|54 weeks ago I read a theory that going for 50 coffees with people you’ve never met is the entrepreneur’s equivalent to the theory that doing anything for 10,000 hours will make you an expert on it. While I got the idea, 50 coffees was far easier than practicing something for ten years, so after completing that challenge I decided to make a major commitment and publish 500 over the next few years. In this series I introduce you to interesting Vancouverites, many of whom I had never met before. It’s an exercise in networking for myself and for V.I.A. while also being a platform through which I to introduce you to some people who are doing really cool stuff in the city you live in.
Meet James Keller. Journalist, skilled bocci player and my neighbour in The Village on False Creek. Since 2005 James has been employed by The Canadian Press and, by extension, almost every major newspaper in the country. In the past few weeks he’s had stories featured on the front pages of the Vancouver Sun as well as the Globe and Mail, and that’s just his recent local hits.
James and I live in the same building and we often cross paths in our lobby. Before this 500 Coffees occasion we had really only ever talked over Twitter and exchanged the odd Hello in real life. We went for coffee nearby at Urban Fare and I learned that he’s originally from Calgary, and that he went to school in Halifax. I asked him how the Canadian Press works and he told me that essentially it’s like a subscription service for Canadian newspapers and other media companies. They pay a flat rate to be able to access the stories that the CP produces each and every day, so that they don’t have to employ as many of their own journalists, especially in places where they might not have boots on the ground (a Calgary paper wanting a Vancouver story, for instance). Media entities that subscribe to their service also have the option to go in and take pieces from an article instead of publishing the entire thing. So when you see something that says “With files from the Canadian Press” it could mean that James or one of his coworkers wrote the original piece, and the paper you’re reading added or subtracted some stuff from it and then published it. Often times you don’t see the journalists name as they’re not obliged to print it, but I see James’ name in a lot of papers.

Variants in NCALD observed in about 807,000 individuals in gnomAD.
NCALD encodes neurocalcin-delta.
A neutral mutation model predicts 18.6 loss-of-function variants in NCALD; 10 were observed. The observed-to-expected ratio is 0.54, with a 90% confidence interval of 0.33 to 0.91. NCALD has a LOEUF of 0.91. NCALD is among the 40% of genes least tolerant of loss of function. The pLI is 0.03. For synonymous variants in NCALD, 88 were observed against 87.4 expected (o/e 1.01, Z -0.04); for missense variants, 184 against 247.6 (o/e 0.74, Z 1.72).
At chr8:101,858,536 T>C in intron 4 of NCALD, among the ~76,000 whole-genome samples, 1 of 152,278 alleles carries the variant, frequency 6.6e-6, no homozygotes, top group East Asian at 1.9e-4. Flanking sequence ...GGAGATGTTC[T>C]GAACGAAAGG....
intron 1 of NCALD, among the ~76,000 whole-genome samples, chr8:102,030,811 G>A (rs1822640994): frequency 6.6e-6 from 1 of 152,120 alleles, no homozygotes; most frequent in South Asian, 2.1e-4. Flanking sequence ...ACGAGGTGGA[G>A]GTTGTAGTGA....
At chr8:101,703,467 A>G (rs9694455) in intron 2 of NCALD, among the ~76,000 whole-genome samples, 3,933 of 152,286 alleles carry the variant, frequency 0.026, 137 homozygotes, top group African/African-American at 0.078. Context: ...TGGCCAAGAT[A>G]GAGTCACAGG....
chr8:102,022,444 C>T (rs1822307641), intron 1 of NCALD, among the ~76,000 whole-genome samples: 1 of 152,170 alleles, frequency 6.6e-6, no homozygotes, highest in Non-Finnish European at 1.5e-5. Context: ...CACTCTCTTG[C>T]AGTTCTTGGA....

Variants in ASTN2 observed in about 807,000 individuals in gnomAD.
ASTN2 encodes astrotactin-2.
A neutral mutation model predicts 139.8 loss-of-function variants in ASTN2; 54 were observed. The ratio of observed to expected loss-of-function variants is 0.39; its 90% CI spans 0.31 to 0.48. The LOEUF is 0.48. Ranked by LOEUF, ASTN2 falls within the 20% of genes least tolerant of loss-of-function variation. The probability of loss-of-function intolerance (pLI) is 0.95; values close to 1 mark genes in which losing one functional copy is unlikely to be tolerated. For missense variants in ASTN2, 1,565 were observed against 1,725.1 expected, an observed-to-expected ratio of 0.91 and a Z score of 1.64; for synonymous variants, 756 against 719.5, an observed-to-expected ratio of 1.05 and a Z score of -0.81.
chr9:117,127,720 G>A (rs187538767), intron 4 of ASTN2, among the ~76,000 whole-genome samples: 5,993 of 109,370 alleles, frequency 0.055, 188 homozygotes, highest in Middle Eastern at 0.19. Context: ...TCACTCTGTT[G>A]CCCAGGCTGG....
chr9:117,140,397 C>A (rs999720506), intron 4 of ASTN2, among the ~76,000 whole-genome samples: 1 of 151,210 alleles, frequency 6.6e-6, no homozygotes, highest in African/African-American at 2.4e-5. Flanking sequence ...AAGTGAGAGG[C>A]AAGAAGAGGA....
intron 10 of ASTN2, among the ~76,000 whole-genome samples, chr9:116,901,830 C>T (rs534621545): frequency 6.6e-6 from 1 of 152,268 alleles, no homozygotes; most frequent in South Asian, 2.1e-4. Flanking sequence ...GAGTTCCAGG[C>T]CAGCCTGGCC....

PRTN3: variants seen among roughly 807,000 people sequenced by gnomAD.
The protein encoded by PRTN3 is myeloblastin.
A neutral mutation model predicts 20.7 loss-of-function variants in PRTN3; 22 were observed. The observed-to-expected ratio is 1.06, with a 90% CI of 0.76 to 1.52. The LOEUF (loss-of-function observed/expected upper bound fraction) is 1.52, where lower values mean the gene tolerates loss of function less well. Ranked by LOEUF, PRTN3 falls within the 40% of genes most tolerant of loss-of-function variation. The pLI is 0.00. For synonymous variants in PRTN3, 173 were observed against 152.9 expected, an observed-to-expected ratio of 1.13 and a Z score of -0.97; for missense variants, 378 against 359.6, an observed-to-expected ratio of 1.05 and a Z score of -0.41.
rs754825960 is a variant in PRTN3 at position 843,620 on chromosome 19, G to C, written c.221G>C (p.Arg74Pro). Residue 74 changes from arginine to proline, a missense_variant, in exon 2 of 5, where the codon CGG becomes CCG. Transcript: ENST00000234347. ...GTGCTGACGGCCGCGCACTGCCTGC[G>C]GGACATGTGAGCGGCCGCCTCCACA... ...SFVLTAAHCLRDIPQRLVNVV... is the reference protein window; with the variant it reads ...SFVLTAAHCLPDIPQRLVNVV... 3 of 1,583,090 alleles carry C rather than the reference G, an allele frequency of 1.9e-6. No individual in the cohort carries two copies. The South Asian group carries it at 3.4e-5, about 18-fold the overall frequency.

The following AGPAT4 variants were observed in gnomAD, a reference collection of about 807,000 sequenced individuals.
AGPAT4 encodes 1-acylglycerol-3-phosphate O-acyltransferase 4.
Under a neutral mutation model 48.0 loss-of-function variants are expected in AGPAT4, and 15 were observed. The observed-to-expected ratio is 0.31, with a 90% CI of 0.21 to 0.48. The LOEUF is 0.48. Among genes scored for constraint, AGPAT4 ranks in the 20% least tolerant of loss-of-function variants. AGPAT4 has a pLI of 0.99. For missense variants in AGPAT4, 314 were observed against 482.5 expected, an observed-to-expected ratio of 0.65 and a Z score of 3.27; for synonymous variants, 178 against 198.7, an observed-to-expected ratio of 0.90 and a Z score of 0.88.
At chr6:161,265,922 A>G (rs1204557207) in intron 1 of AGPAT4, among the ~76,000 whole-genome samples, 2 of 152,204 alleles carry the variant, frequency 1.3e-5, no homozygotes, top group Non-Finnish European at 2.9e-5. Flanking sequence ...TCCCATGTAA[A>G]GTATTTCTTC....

We talked a bit about the differences between what he does as a schooled professional journalist and what I do as a hack. Being an online publisher since 1996 (fun fact: I started and sold the first online skateboarding magazine way back when) one of the accusations that I am still sometimes faced with is “You’re not a journalist!”. And it’s entirely true. I’m far from a journalist; I’m a storyteller, a lifestyle writer, and I’m free to weave my biases and my leanings and my opinions into my stories however I see fit. I’m free to run sponsored features about the Olympic Village or take people I like out for coffee and only tell you about how great I think they are. So when I’m accused of not being a journalist I just shrug and let people know that I’ve never aspired to be one, nor do I claim to be one. I absolutely love the work of journalists, I am a news fiend and in fact I’ve featured a few of them in this coffee series (1, 2, 3, 4, 5, 6). But to say that I am ever simply reporting the facts from a journalistic point of view, the way that James does, would be an outright lie. In fact, I imagine there’s more than one Vancouver journalist who would consider me a “shill”, which I actually get a bit of a kick out of.
But enough about me. I asked James if he would send me links to a few of the pieces he’s particularly proud of, and he sent these over:
- Recent projects renew debate about gentrification in the Downtown Eastside
- Restricted from giving interviews, Pickton proposes bizarre ruse to media
- iPhone app allows First Nations speakers to chat in their native tongue
- Health officials, advocates call on Abbotsford to end needle exchange ban
And stay tuned for 446 more Coffees!